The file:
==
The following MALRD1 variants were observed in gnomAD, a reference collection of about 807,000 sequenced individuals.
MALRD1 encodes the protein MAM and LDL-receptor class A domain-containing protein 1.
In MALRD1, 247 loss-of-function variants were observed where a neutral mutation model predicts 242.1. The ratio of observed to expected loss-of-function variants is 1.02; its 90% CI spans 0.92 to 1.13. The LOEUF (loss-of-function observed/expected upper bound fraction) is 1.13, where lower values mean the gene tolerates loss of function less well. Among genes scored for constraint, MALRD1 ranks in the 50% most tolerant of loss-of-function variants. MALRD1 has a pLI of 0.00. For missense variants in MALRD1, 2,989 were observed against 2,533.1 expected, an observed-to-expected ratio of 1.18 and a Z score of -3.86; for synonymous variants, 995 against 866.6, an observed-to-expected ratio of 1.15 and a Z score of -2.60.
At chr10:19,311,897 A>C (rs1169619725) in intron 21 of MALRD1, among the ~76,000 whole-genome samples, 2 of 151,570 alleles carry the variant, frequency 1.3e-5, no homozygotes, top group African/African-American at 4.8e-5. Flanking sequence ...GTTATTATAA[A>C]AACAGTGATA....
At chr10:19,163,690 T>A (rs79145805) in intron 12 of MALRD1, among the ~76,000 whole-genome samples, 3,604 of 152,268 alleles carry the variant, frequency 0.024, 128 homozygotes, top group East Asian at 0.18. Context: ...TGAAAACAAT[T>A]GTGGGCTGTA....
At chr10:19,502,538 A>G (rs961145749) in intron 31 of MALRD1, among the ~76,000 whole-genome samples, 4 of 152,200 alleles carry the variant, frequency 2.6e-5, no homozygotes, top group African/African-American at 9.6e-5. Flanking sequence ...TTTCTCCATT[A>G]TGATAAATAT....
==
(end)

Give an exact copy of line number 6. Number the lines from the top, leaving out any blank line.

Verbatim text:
At chr10:19,502,538 A>G (rs961145749) in intron 31 of MALRD1, among the ~76,000 whole-genome samples, 4 of 152,200 alleles carry the variant, frequency 2.6e-5, no homozygotes, top group African/African-American at 9.6e-5. Flanking sequence ...TTTCTCCATT[A>G]TGATAAATAT....